Just a quick note to accompany this clip of Ray Harryhausen’s work.
Being able to see moving images of the fantastic was a rare thing for the general populace before VHS rentals became ubiquitous. These wild visions would show up regularly on broadcast television, either late at night, or during the weekends, but by regularly, I mean you could see a particular movie twice a year if you were lucky. Or you might be able to catch them in a midnight movie, or a revival house. Organizations could rent 16mm prints of movies and show them, so sometimes you’d get lucky at summer camp or a school auditorium on a rainy day. (I know devotees would collect 16mm prints, too, and 8mm reels were available, but I’m talking about the non-collector, non-devotee type. Not everyone owned a movie projector.) Cable TV was only starting out.
So, when I went to The Ritz one night with some friends to see, um, Marianne Faithful?, Adrian Sherwood’s Tackhead?, sorry can’t remember. I was absolutely transfixed by the video DJ-ing that was going on pre-show.
I saw a few graphics shared on Facebook yesterday, where folks had colored each US state and, impressively, each US county, using percentages of red (Romney) and blue (Obama) corresponding to the percentage of the popular vote for each candidate.
While interesting, I don’t like that kind of presentation because it mixes geography with population. Showing, for example, big ol’ sparsely populated Montana, Idaho, and the Dakotas colored according to votes, but not showing their population skews interpretation of the image.
I also put a similarly colored full US electoral cartogram at the lower right reflecting the color of the total popular vote, as well as three squares showing 100% red, 50% red 50% blue, and 100% blue.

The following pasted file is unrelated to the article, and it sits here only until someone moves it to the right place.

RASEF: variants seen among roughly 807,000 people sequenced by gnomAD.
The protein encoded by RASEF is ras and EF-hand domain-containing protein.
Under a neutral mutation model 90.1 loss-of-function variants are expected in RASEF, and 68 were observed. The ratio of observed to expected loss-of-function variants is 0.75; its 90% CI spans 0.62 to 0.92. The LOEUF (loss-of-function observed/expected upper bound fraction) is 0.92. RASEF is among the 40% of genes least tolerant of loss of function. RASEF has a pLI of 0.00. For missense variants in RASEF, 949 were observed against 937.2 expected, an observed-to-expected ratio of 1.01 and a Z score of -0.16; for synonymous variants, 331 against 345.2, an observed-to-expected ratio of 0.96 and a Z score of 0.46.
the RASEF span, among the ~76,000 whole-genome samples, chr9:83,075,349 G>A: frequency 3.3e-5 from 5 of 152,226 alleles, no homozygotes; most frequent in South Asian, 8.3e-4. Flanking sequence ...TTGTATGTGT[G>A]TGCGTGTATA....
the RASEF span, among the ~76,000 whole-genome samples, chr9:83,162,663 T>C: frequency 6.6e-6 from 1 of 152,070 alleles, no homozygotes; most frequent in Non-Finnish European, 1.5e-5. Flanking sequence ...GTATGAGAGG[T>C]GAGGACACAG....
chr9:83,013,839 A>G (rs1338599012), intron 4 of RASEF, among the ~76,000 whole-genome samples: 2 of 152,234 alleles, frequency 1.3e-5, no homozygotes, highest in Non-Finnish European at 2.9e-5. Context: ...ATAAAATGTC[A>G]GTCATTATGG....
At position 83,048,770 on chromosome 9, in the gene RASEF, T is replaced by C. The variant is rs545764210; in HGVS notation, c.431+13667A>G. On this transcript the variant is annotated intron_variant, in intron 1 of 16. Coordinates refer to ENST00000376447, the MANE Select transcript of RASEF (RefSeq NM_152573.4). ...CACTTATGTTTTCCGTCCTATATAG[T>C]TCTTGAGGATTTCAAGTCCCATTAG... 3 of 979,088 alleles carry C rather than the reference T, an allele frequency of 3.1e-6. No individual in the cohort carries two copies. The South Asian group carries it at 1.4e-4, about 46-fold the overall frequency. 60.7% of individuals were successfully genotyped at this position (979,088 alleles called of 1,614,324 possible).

Yes, I’d put Marshmallow Fluff and Skippy smooth peanut butter between two slices of TasTee Bread (Wonder Bread was rarely in our house)…
and have a Fluffernutter
Not that we had Fluff all the time, but when it was in the house, it was in order to have Fluffernutters. Would there have been any other reason? Check the link to go to a page that includes an audio file of an old-school Fluffernutter commercial.
My point in writing this? I have realized that for a few years now, probably 35 years or more since I last had a Fluffernutter, that I have been indulging in a modern variant.
Multi(usually 12)-Grain sliced bread with organic ground-by-me-in-the-local-shop-so-it’s-chunky/crunchy peanut butter and… wait for it… organic fig preserves.
It EVOKES the Fluffernutter in the crunchy, fiber-y manner that I prefer these days. Depending on the style of the preserve, the fig can also remind us that the Fig Newton is a very processed snack treat.
Just a few photos of the short walk/bike path that connects Raymond Boulevard and a Doremus Avenue surface ramp (I guess that’s what it’d be called). The short trail goes under both the ramp of the Raymond Boulevard exit from the Pulaski Skyway and the ramp of Exit 15E from the NJ Turnpike.
Wow, the place here looks like a tornado hit it. We set up the Kirby Museum “convention table” at Maxwell’s this past weekend for the Hoboken Artists Studio Tour. Great time all around, especially being able to lunch with family at Hoboken’s Pilsnerhaus Biergarten. After having brought everything back home, I just had to take a stab at some real, bold expelling and reorganizing of objects.
This effort lead me to reduce the number of shoes in my closet. A long time coming, and now done, eyeball reports an almost 50% reduction of shoe volume. Wow.
But what’s in this plastic “Casey’s” bag on the bottom of the closet with the shoes? Buttons?
It’s my button shirt.
A Golden Grahams “Have a Golden Day” t-shirt, a gift from my maternal Grandmother, Florence (she’s featured in an earlier blog entry), who loved Golden Grahams cereal, and, I suppose, saved up enough proofs-of-purchase, or whatever, to obtain this shirt for her grandson. I have a memory of a phone conversation with her asking me if I would like the shirt.
I remember I’d had a random collection of buttons back in the late ’80s, and one day my friend Alice G. mentioned that our pal Charlie C. had a t-shirt on which he put all his buttons. Not a bad idea, I thought. Soon after that, I had this shirt hanging on the inside of one of my closet doors at 1105 Washington St. I added to it regularly.
Two apartments and almost twenty years later, here it is.
Pornographic Betty Boop button purchased during an early visit to Greenwich Village in a shop on W 3rd St. near Village Comics. O boy!
Welcome to Macy’s – I worked at the Macy’s in Roosevelt Field during the spring and summer of 1981.
Beat Colgate buttons bought in Syracuse, which I wore on my graduation gown when receiving my diploma. The President laughed when we shook hands.